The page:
The follow-up to the Brooklyn trio's 2014 eponymous fourth full-length outing, Off to the Races continues the underrated Jukebox the Ghost's pop-tastic winning streak, delivering a taut, ten-track set of meticulously crafted and radio-ready confections that would eat through the wrapper in lesser hands. Unapologetically sincere and ruthlessly earnest -- even their occasional stabs at cynicism are self-effacing -- it would be easy to relegate the band to the same brightly lit factory showroom responsible for unleashing saccharin millennial hitmakers like American Authors, but like their closest sonic contemporaries Fun., Jukebox the Ghost connect on such a base human level that it's easy to forgive their frequent deep dives into the mainstream. That pop acumen is applied liberally throughout the LP, gleaned from what appears to be a heavy diet of Ben Folds and Queen -- they love the latter act so much that they hold an annual tribute concert every Halloween. Pianist/vocalist Ben Thornewill's Freddie Mercury devotion is put on full display on the lead-off cut "Jumpstarted," one of a handful of singles, alongside "Fred Astaire" and "Everybody's Lonely," that locate the sweet spot between pop purity and rock pageantry. Guitarist Tommy Siegel, the trio's other talented songwriter, has more of a pop-punk streak running through him, but the band's acute craftsmanship rounds off any rough edges, resulting in something that feels closer to They Might Be Giants than it does Jimmy Eat World. Despite their penchant for sonic extravagance, the trio understands the crucial role that brevity plays in 21st century pop music. Clocking in at just under 35 minutes, it's easy to ingest Off to the Races in a single sitting, and its sweetness lingers long after feel-good closer "Colorful"s final note. Just remember to brush your teeth afterwards.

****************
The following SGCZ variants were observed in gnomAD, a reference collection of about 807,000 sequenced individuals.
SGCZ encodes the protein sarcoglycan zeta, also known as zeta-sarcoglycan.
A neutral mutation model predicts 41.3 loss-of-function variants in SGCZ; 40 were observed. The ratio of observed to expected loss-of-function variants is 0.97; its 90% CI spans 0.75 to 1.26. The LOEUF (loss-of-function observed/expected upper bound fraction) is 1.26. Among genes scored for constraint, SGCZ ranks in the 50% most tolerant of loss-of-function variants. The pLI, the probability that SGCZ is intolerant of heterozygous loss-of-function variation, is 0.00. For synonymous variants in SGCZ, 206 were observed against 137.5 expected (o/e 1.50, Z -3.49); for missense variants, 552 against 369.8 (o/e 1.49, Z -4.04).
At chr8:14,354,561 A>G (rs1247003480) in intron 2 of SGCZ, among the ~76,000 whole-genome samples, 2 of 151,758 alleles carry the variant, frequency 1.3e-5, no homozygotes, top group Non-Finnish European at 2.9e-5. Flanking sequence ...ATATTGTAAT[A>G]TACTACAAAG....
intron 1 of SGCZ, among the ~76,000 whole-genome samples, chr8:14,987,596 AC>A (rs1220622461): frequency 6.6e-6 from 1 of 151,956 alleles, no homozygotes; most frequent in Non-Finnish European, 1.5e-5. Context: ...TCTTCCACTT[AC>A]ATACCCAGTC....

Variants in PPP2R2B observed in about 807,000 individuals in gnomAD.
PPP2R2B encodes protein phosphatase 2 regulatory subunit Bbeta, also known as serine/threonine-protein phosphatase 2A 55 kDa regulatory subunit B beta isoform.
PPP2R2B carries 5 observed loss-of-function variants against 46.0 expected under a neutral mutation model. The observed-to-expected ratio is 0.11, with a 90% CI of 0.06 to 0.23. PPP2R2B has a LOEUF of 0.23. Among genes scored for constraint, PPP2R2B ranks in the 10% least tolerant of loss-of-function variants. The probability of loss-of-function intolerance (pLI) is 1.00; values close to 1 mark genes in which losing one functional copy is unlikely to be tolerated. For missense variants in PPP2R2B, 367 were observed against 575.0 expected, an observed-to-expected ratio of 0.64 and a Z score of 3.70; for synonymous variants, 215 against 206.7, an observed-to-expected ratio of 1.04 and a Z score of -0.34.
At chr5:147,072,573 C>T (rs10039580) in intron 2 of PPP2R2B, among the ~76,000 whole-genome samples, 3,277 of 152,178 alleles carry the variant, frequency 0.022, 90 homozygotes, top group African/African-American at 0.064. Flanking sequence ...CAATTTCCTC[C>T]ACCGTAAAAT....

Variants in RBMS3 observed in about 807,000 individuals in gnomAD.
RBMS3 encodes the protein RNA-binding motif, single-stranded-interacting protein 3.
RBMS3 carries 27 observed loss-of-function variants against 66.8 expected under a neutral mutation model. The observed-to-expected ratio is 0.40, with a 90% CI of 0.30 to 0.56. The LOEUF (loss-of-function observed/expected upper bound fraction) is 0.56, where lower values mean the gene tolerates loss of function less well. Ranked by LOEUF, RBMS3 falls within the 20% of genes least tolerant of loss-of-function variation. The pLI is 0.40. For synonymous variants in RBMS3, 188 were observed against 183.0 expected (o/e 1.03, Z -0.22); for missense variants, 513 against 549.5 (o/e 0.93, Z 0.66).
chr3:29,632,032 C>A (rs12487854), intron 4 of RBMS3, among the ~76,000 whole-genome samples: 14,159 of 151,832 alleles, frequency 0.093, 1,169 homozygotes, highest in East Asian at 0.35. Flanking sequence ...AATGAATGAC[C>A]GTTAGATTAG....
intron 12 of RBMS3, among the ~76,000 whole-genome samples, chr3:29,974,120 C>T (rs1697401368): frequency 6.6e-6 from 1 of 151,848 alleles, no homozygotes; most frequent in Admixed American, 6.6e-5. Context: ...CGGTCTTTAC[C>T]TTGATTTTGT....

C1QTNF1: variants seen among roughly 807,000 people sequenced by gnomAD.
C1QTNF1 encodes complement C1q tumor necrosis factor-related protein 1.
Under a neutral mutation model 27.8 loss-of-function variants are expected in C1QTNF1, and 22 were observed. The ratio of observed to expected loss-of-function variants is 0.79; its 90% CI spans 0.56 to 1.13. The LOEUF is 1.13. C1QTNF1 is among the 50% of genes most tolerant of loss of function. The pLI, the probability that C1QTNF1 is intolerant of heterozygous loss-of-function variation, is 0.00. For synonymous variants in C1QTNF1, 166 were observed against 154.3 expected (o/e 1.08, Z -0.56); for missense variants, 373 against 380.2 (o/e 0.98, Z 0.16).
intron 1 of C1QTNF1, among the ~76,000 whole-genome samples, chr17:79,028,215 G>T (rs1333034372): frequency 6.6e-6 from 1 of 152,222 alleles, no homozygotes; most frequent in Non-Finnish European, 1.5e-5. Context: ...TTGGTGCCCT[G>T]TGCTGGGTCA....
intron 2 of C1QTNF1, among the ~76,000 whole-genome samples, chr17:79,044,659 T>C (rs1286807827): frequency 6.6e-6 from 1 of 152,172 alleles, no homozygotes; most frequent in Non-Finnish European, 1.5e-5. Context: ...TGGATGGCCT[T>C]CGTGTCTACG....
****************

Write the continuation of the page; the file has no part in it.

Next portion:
Share this page
AllMusic Review by James Christopher Monger